In another embodiment, instead of performing the operations of the processing logic 102 in the processing device 110, the processing device 110 may send the raw data or partially-processed data to the host 150. The host 150, as illustrated in FIG. 1, may include decision logic 151 that performs some or all of the operations of the processing logic 102. Operations of the decision logic 151 may be implemented in firmware, hardware, software, or a combination thereof. The host 150 may include a high-level Application Programming Interface (API) in applications 152 that perform routines on the received data, such as compensating for sensitivity differences, other compensation algorithms, baseline update routines, start-up and/or initialization routines, interpolation operations, or scaling operations. The operations described with respect to the processing logic 102 may be implemented in the decision logic 151, the applications 152, or in other hardware, software, and/or firmware external to the processing device 110. In some other embodiments, the processing device 110 is the host 150.

In another embodiment, the processing device 110 may also include a non-sensing actions block 103. This block 103 may be used to process and/or receive/transmit data to and from the host 150. For example, additional components may be implemented to operate with the processing device 110 along with the sensor array 121 (e.g., keyboard, keypad, mouse, trackball, LEDs, displays, or other peripheral devices).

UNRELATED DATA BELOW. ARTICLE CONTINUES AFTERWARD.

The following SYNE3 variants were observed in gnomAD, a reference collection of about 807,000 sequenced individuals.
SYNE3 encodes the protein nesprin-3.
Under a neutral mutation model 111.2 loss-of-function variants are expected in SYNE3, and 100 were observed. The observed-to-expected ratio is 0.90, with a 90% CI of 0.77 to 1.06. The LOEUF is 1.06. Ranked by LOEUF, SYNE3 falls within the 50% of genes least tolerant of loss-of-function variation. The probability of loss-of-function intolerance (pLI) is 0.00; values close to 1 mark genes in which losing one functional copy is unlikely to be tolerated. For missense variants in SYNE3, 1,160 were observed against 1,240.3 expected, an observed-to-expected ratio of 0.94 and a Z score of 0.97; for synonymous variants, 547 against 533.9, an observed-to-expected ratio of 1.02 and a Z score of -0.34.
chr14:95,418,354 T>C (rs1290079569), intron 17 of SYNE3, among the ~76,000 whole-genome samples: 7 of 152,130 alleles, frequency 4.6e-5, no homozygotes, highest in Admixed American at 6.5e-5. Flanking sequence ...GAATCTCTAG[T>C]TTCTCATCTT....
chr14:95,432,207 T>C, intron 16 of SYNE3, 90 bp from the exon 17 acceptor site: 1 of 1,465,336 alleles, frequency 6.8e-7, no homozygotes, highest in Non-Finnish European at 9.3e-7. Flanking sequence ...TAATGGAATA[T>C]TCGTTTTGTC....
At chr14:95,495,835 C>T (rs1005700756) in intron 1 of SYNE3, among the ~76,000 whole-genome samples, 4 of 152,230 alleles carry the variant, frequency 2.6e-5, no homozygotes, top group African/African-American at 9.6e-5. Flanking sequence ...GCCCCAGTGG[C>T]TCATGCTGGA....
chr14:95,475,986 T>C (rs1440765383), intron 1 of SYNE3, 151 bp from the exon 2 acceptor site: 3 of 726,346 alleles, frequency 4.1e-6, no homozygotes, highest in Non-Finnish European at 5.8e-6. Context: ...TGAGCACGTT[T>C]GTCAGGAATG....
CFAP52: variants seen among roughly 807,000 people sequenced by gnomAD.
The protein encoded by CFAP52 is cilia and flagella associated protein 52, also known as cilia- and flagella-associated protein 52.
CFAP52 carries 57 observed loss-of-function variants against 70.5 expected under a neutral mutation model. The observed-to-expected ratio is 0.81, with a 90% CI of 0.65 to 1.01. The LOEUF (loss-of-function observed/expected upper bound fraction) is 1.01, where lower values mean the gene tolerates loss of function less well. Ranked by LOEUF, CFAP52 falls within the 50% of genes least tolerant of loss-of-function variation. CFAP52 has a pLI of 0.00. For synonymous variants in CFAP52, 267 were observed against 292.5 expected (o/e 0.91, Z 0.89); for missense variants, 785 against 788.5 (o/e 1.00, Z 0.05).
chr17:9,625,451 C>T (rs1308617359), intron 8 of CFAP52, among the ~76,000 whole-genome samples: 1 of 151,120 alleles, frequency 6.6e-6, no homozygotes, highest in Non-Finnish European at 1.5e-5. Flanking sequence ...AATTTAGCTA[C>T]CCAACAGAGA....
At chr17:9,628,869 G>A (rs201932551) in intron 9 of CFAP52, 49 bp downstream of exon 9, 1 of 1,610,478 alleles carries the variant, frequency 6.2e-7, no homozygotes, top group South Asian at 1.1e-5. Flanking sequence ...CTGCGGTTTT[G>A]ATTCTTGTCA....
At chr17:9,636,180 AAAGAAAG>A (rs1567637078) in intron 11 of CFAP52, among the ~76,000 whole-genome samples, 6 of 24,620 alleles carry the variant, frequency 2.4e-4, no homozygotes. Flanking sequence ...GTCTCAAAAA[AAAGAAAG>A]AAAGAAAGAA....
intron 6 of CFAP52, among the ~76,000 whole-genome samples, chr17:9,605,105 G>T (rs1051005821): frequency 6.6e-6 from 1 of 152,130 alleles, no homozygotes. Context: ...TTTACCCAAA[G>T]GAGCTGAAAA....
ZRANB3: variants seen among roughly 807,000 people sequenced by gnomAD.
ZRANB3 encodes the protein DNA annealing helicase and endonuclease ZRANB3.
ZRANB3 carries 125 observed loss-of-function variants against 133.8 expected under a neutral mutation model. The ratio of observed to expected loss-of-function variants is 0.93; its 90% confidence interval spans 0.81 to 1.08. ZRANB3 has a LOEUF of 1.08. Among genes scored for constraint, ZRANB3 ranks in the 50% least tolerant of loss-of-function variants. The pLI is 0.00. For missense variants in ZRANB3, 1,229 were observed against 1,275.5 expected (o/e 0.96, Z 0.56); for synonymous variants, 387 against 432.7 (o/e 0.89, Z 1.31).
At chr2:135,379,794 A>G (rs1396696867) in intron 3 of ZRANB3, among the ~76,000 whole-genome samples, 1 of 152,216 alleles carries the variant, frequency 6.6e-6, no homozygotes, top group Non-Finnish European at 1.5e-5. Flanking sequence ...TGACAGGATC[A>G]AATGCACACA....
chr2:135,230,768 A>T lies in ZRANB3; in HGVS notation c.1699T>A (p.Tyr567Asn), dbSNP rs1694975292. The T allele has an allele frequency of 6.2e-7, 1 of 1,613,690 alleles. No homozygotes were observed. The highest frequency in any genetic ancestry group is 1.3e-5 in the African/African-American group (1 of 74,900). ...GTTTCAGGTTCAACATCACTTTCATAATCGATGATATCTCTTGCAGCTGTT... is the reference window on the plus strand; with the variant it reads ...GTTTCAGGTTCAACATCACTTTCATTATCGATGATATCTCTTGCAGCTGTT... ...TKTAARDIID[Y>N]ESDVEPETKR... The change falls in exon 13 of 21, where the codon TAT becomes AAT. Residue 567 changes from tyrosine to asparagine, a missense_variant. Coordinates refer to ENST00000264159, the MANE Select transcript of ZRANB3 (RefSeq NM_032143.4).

The processing device 110 may reside on a common carrier substrate such as, for example, an integrated circuit (IC) die substrate, or a multi-chip module substrate. Alternatively, the components of the processing device 110 may be one or more separate integrated circuits and/or discrete components. In one embodiment, the processing device 110 may be the Programmable System on a Chip (PSoC™) processing device, developed by Cypress Semiconductor Corporation, San Jose, Calif. Alternatively, the processing device 110 may be one or more other processing devices known by those of ordinary skill in the art, such as a microprocessor or central processing unit, a controller, special-purpose processor, digital signal processor (DSP), an application specific integrated circuit (ASIC), a field programmable gate array (FPGA), or other programmable device. In an alternative embodiment, for example, the processing device 110 may be a network processor having multiple processors including a core unit and multiple micro-engines. Additionally, the processing device 110 may include any combination of general-purpose processing device(s) and special-purpose processing device(s).